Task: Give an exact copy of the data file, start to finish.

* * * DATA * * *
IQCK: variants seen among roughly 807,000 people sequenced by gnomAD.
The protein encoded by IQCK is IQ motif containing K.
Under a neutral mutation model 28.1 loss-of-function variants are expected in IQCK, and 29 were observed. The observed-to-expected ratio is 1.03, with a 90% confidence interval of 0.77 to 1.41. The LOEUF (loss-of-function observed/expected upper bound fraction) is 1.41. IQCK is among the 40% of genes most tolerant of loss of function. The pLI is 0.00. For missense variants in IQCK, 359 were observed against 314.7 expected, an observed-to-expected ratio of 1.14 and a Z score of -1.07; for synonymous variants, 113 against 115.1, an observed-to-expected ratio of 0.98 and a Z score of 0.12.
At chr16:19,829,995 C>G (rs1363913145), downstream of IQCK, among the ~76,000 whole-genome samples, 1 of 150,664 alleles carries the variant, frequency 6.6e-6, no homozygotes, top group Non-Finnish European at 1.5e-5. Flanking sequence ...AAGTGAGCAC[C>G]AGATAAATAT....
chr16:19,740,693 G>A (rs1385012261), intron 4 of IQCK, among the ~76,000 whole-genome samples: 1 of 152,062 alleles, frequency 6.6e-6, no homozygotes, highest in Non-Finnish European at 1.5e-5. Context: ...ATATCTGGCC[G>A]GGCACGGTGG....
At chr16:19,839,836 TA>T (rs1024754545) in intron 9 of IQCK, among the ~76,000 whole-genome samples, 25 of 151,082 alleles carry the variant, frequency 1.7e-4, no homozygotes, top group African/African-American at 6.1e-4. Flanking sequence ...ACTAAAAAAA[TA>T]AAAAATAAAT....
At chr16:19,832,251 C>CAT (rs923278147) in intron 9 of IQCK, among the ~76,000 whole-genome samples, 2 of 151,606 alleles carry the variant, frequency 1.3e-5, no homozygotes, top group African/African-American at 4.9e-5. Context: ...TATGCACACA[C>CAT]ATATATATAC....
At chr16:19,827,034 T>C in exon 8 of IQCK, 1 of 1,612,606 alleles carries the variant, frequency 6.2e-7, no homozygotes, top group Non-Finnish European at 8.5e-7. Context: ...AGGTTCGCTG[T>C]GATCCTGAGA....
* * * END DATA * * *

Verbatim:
IQCK: variants seen among roughly 807,000 people sequenced by gnomAD.
The protein encoded by IQCK is IQ motif containing K.
Under a neutral mutation model 28.1 loss-of-function variants are expected in IQCK, and 29 were observed. The observed-to-expected ratio is 1.03, with a 90% confidence interval of 0.77 to 1.41. The LOEUF (loss-of-function observed/expected upper bound fraction) is 1.41. IQCK is among the 40% of genes most tolerant of loss of function. The pLI is 0.00. For missense variants in IQCK, 359 were observed against 314.7 expected, an observed-to-expected ratio of 1.14 and a Z score of -1.07; for synonymous variants, 113 against 115.1, an observed-to-expected ratio of 0.98 and a Z score of 0.12.
At chr16:19,829,995 C>G (rs1363913145), downstream of IQCK, among the ~76,000 whole-genome samples, 1 of 150,664 alleles carries the variant, frequency 6.6e-6, no homozygotes, top group Non-Finnish European at 1.5e-5. Flanking sequence ...AAGTGAGCAC[C>G]AGATAAATAT....
chr16:19,740,693 G>A (rs1385012261), intron 4 of IQCK, among the ~76,000 whole-genome samples: 1 of 152,062 alleles, frequency 6.6e-6, no homozygotes, highest in Non-Finnish European at 1.5e-5. Context: ...ATATCTGGCC[G>A]GGCACGGTGG....
At chr16:19,839,836 TA>T (rs1024754545) in intron 9 of IQCK, among the ~76,000 whole-genome samples, 25 of 151,082 alleles carry the variant, frequency 1.7e-4, no homozygotes, top group African/African-American at 6.1e-4. Flanking sequence ...ACTAAAAAAA[TA>T]AAAAATAAAT....
At chr16:19,832,251 C>CAT (rs923278147) in intron 9 of IQCK, among the ~76,000 whole-genome samples, 2 of 151,606 alleles carry the variant, frequency 1.3e-5, no homozygotes, top group African/African-American at 4.9e-5. Context: ...TATGCACACA[C>CAT]ATATATATAC....
At chr16:19,827,034 T>C in exon 8 of IQCK, 1 of 1,612,606 alleles carries the variant, frequency 6.2e-7, no homozygotes, top group Non-Finnish European at 8.5e-7. Context: ...AGGTTCGCTG[T>C]GATCCTGAGA....